Enterprise, AL, February 27, 2012 – Enterprise State Community College (ESCC) English Instructor, Kathy Pattie, made ESCC history this weekend as she became the first ESCC English instructor to present at the Association of College English Teachers of Alabama (ACETA) Conference at the University of North Alabama, Florence, AL.

“Kathy Pattie is an amazing asset to the College. We have always known her to be innovative in her academic instruction, and we are thrilled that she was able to represent ESCC in such a celebrated platform such as at the ACETA Conference,” said ESCC President Dr. Nancy W. Chandler.

The 64th annual conference hosted the theme of Rhythms & Revivals in the Humanities that answered the question  How do educators use old themes in the modern classroom.  Through a series of presentation panels, each presenter had 15 minutes to share their new approach and then take questions. Pattie conducted a discussion on Revisiting the Slave Narratives to Encourage Enthusiasm and Learning in the Modern Classroom during the Re-Envisioning Student Research panel.

“My fascination with the slave narratives grew from trying to discover information about Uncle Charlie Porter, a slave who lived in my hometown until he died at 122 in 1977,” said Pattie. “An American history teacher at ESCC told me about the slave narratives and I became hooked on reading them. The more I read, the more I became convinced that they had a place as both literary and historical reference. It took a couple of semesters to figure out how best to incorporate them into my class, but the resulting project is making my students understand their past in a much more rounded way than before and is, in turn, making them much better at questioning for themselves rather than just accepting what they are told.”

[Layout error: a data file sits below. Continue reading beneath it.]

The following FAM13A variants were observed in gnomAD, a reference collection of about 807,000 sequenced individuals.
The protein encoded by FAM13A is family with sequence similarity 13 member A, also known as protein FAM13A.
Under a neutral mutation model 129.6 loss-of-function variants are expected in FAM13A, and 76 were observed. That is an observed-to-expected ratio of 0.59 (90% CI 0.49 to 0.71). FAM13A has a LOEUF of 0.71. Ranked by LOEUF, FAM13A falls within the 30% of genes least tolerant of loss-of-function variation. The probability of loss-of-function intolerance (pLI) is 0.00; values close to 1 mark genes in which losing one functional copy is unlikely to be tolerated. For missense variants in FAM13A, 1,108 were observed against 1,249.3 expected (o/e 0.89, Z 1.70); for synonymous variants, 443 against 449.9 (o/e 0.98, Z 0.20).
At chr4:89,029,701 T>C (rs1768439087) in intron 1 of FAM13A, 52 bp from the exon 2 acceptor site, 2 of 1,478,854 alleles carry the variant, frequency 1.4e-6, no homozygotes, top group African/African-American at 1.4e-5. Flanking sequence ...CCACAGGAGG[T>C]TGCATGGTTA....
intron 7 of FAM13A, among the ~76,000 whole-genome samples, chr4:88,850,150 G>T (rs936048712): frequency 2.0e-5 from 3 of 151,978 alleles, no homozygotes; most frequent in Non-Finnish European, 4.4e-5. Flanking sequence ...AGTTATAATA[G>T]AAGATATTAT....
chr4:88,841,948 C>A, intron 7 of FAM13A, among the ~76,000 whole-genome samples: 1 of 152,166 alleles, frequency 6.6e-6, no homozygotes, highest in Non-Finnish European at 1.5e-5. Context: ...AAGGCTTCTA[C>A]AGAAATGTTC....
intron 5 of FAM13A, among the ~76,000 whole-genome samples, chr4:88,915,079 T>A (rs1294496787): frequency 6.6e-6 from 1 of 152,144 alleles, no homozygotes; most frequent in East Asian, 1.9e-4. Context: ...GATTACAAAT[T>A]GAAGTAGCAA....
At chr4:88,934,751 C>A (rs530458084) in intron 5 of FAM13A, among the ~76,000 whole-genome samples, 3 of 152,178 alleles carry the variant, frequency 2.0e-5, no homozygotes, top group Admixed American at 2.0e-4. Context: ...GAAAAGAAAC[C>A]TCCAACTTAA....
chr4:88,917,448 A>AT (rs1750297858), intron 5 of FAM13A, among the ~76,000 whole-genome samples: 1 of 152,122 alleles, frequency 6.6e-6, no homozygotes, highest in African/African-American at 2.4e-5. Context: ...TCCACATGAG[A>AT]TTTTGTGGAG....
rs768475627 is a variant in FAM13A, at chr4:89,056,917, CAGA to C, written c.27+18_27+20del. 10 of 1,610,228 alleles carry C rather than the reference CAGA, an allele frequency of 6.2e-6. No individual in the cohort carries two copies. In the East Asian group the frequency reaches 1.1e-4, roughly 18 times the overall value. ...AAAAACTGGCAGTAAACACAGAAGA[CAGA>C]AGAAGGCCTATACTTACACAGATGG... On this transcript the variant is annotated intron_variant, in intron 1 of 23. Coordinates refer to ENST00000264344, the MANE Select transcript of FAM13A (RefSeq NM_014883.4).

Pattie answered a call for proposals when she realized the slave narratives she had been using with her ESCC students over the past several semesters fit all the criteria ACETA was looking for in a topic. During the presentation, Pattie explained how slave narratives are used in the classroom, shared some students responses and what she took from it as a teacher.

“Students take a volume of slave narratives and read all of them to get perspective. So, it’s not just one story. They can weed out what might be urban legend…get an accurate perception to get what slavery was like. They start to notice a series of patterns and actually do a wonderful job of finding the bias,” said Pattie. “I enjoy taking up this set up paper; it’s the best set I take up all year long.”

Last spring Pattie started using slave narratives in her American Literature classes. The Narratives come from the Works Progress Administration (WPA), one of Franklin Delano Roosevelt’s Federal Programs to get people working again in the 1930s.

“What I found out with this project is if I don’t have such established expectations going in, I’m getting a higher quality of work. They (students) finally see a relationship between American history and their past,” said Pattie. “It’s taking slavery out of the textbooks as a historical fact; it’s putting a face on it.  In the process they learn how to do primary research; they don’t realize it should be a scary thing.” 

Pattie has taught for over 23 years, the last six at ESCC teaching English composition and American literature. Pattie received her BA in Language Arts from Huntingdon College, and Masters of Education (Secondary English) and Education Specialist (Secondary English) from Auburn University at Montgomery.

The mission of ESCC is to serve students and communities by providing educational opportunities that enhance quality of life and promote economic development.

The purpose of the Association is to improve the quality of instruction in English at the collegiate level; to encourage research, experimentation, and investigation in the teaching of English; to facilitate professional cooperation of the members; to hold public discussions and programs; to sponsor the publication of desirable articles and reports; and to integrate the efforts of all those concerned with the improvement of instruction in English.


  • Monday, 21 May 2012

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